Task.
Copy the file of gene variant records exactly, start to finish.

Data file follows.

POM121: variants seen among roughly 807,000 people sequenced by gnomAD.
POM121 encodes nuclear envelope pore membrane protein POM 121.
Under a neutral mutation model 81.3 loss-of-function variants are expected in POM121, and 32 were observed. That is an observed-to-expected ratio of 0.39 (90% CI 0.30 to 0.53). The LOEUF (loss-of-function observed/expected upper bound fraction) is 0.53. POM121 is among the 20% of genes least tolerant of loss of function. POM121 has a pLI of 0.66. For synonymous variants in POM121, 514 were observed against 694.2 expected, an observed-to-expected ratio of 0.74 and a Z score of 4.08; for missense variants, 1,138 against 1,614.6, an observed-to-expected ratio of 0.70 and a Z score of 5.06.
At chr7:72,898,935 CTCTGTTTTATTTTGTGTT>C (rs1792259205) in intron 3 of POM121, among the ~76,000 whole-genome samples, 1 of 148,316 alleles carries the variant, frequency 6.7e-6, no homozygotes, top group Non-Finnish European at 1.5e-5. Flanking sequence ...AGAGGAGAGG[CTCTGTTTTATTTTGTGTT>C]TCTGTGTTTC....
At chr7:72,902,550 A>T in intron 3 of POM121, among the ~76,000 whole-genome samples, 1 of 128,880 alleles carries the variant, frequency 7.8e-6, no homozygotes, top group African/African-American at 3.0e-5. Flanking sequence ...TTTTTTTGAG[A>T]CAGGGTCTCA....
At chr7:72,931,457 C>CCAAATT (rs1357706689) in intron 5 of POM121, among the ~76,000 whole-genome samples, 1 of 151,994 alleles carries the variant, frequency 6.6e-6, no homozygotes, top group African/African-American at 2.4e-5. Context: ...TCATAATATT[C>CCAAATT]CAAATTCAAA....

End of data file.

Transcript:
POM121: variants seen among roughly 807,000 people sequenced by gnomAD.
POM121 encodes nuclear envelope pore membrane protein POM 121.
Under a neutral mutation model 81.3 loss-of-function variants are expected in POM121, and 32 were observed. That is an observed-to-expected ratio of 0.39 (90% CI 0.30 to 0.53). The LOEUF (loss-of-function observed/expected upper bound fraction) is 0.53. POM121 is among the 20% of genes least tolerant of loss of function. POM121 has a pLI of 0.66. For synonymous variants in POM121, 514 were observed against 694.2 expected, an observed-to-expected ratio of 0.74 and a Z score of 4.08; for missense variants, 1,138 against 1,614.6, an observed-to-expected ratio of 0.70 and a Z score of 5.06.
At chr7:72,898,935 CTCTGTTTTATTTTGTGTT>C (rs1792259205) in intron 3 of POM121, among the ~76,000 whole-genome samples, 1 of 148,316 alleles carries the variant, frequency 6.7e-6, no homozygotes, top group Non-Finnish European at 1.5e-5. Flanking sequence ...AGAGGAGAGG[CTCTGTTTTATTTTGTGTT>C]TCTGTGTTTC....
At chr7:72,902,550 A>T in intron 3 of POM121, among the ~76,000 whole-genome samples, 1 of 128,880 alleles carries the variant, frequency 7.8e-6, no homozygotes, top group African/African-American at 3.0e-5. Flanking sequence ...TTTTTTTGAG[A>T]CAGGGTCTCA....
At chr7:72,931,457 C>CCAAATT (rs1357706689) in intron 5 of POM121, among the ~76,000 whole-genome samples, 1 of 151,994 alleles carries the variant, frequency 6.6e-6, no homozygotes, top group African/African-American at 2.4e-5. Context: ...TCATAATATT[C>CCAAATT]CAAATTCAAA....